The Iconic Flat White

Ten years ago, 'Flat White' officially entered the Oxford Dictionary, a milestone that coincided with Google celebrating the term with a unique doodle. This moment sparked a wave of reflection on this beloved beverage, a staple that has long held the title of the most cherished item in our store.

The Iconic Flat White

My first encounter with a flat white was at the iconic Flat White spot on Berwick Street when I was just 15. It quickly became the heart of our family's office routine. My first vivid coffee shop memories involve me, the awkward kid in line, mesmerised by the effortlessly cool Aussie and Kiwi baristas mastering their craft. Watching them, I glimpsed something that felt like a community, in the twilight days of Soho. Those formative moments deeply influence our values today, and we hold immense respect for all the coffee culture waves that have led us here.

Over the years, I've sipped on some magnificent flat whites, and a few peculiar ones too. Picture this: a coffee shop in Switzerland once handed me an incredibly lengthy espresso shot, lukewarm but tasted like a girthy bag of peachy Campinos. Not too far from the iconic Flat White, there was Soho Bikes – now just a memory, but once home to the most sublime flat white, crafted by barista maestros Tristan & Ben. Their artistry made the place more than just a coffee shop. Currently, when I'm not indulging in Brewed Online's concoctions, my flat white allegiance lies with Flat Cap Coffee in Borough Market. They brew a Guatemalan delight from Notes that has me making pilgrimages, regardless of my actual location. Do give this enduring coffee cart a try, just a heads-up: their hours might keep you guessing.

London, like most coffee capitals, could still polish its reputation as a flat white haven and I still find myself wandering into too many spots where the coffee just doesn't hit the sweet spot. It's part of the gig – endless hours, bustling crowds, tense atmospheres, novel blends, and rookie baristas all contribute to the intricate ballet of brewing the perfect cup. We might make it appear effortless, but trust me, it's a craft that's anything but simple.

I could delve into the storied past of the flat white, and how much I'd appreciate meeting the genius who first thought, "Let's brew this masterpiece." But, it's our current scene and future outlook that resonates. Years down the line, I hope I mirror a fraction of the cool, composed vibe of those initial baristas who greatly influenced us. If you're around, swing by for a Flat White at our place or any of the spots I've highlighted. Cheers to the past decade of the flat white and to the next ten years shaping its journey.

How do I make a perfect Flat White at home? 

So, you're keen to create a professional-quality Flat White in the comfort of your own home? Success in this endeavour involves mastering several crucial steps: selecting the right equipment, choosing the best coffee, expertly pulling an espresso shot, steaming microfoam to perfection, and finally, pouring with finesse. Let's dive in:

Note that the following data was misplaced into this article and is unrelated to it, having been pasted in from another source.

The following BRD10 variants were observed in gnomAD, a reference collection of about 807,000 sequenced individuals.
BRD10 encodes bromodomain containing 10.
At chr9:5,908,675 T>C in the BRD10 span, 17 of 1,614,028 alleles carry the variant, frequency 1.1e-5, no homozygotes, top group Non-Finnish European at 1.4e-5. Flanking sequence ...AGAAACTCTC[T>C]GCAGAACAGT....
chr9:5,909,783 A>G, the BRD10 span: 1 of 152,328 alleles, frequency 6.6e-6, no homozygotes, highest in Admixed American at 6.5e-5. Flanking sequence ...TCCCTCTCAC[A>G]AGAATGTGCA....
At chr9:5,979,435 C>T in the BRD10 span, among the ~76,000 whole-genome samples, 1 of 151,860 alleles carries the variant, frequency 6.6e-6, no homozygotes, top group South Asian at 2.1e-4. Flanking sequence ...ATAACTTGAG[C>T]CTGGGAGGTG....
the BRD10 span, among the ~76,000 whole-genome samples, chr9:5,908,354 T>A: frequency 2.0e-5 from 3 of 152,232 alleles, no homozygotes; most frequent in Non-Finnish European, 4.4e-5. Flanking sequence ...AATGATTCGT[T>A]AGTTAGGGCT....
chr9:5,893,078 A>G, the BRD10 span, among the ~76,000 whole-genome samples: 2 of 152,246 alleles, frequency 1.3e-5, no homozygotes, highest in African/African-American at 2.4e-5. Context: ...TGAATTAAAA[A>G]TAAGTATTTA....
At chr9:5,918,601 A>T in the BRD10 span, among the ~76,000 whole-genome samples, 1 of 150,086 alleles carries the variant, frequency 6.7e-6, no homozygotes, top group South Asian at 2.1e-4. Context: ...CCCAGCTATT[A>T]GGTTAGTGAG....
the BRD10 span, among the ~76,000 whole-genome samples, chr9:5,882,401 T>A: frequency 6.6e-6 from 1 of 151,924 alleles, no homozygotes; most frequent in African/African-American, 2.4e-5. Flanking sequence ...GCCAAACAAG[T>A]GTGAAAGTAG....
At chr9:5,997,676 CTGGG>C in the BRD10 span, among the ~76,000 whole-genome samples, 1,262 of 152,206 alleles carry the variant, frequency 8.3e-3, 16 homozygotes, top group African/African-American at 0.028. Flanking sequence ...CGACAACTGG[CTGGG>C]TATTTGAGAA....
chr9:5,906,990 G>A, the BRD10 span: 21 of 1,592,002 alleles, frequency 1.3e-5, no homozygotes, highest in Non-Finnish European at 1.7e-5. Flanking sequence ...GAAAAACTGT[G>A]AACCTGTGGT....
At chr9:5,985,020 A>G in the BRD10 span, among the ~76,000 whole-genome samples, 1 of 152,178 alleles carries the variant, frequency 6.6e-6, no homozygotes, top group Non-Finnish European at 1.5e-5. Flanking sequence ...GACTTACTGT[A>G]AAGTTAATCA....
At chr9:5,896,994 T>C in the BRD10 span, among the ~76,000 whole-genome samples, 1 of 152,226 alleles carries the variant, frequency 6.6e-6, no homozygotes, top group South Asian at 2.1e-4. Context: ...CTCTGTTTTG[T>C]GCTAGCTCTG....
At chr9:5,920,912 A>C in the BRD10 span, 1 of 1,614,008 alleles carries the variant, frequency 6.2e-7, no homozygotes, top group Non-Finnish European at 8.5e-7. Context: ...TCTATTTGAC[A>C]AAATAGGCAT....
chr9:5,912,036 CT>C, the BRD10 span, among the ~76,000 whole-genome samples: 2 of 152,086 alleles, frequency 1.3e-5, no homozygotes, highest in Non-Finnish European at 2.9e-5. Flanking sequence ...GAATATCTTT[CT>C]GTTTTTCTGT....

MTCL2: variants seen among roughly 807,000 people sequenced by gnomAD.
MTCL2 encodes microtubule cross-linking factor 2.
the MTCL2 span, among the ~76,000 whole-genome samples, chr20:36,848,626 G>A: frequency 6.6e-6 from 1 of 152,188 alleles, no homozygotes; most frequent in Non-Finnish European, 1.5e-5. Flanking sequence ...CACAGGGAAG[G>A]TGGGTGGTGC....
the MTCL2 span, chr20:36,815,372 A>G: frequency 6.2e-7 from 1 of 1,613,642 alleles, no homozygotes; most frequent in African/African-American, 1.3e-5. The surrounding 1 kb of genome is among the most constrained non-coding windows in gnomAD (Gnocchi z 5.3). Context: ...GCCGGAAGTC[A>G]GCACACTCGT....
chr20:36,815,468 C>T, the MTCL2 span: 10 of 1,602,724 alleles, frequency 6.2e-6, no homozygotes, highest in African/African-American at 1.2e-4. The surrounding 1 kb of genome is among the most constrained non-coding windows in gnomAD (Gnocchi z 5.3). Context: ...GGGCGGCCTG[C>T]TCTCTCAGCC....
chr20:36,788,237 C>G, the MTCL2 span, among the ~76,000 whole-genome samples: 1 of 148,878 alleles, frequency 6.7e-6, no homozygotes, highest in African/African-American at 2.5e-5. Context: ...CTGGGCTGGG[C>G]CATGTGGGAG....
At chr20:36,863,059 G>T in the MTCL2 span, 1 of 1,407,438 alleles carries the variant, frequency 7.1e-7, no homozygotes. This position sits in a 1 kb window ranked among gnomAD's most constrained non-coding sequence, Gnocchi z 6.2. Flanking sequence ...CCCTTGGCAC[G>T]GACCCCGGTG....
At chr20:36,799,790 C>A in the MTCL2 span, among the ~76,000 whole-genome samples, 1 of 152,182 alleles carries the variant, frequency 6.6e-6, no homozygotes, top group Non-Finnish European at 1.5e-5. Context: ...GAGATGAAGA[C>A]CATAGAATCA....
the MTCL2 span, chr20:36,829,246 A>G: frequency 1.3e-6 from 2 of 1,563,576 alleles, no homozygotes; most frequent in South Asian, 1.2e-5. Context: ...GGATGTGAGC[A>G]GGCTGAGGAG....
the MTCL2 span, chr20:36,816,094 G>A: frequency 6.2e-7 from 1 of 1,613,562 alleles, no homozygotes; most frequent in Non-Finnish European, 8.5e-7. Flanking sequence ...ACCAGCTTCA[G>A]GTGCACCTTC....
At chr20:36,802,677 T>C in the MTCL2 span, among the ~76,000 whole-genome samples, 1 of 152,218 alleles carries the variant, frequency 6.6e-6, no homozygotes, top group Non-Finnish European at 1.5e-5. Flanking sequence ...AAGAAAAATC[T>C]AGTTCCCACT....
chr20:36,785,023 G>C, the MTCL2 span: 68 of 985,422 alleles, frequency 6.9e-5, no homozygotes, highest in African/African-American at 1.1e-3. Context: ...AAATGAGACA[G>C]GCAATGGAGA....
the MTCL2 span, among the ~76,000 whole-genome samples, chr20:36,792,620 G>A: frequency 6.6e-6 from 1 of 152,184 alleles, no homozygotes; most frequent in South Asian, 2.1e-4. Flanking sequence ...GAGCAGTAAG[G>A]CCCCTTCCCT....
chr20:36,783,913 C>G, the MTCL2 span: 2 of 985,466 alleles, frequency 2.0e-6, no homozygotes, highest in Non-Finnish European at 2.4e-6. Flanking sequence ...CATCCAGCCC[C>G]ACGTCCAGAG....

Equipment: A proper Flat White demands a home espresso machine capable of delivering water through coffee at high pressure, ideally around 9 bars. This pressure is essential for extracting the coffee's full flavour. Sage offers a range of excellent home machines, from the Mini Bambino at approximately £245 to the Oracle, which exceeds £1700. For beginners, there's no need to break the bank; focusing on technique with a more basic machine can yield better results than simply investing in something more expensive.

Coffee Selection: While you can technically use any coffee to make an espresso, a variety of factors influence the result you'll get; the way it's been roasted, its origin, processing technique and the altitude it's grown at for example.. luckily we have already thought about this and that's why we built our coffee matching tool; use it to find espresso recommendations that suit your taste preferences.

Pulling the Perfect Espresso Shot: Precision in weighing, measuring, and timing is crucial for a great espresso shot. If you are new to this then here's a recipe to get you started. Begin with 18g of finely ground coffee, aiming to extract a 35g shot of espresso in about 25-28 seconds. You may need to adjust the grind size to fine-tune the extraction time. Although these parameters will require minor adjustments depending on the coffee, this is a solid starting point. For an in-depth guide to perfecting your espresso technique, we suggest watching a video by James Hoffmann, founder of Square Mile Coffee (amongst many other accolades) and renowned coffee YouTuber. We're fortunate to occasionally see him at our Stoke Newington shop; his expertise in all things coffee is invaluable, and we're thrilled to share his videos on our blog.

Steaming the Milk: Start by purging any residual water from the steam wand. Submerge the wand in your milk jug, then activate it. Adjusting the wand's height will help introduce the desired amount of air - more air 'stretches' the milk, creating the microfoam necessary for a Flat White. Initially, add some air to create foam, then focus on swirling the milk in the jug to eliminate large bubbles, achieving a silky, smooth texture. Mastering milk steaming and pouring is an art that demands practice, but with persistence, you'll excel. For a detailed tutorial on milk steaming, we recommend James' milk steaming guide for beginners.

By concentrating on these essential stages and honing your skills, you'll be well on your way to enjoying a café-quality Flat White at home. Of course; you know where we are if it doesn't work out.

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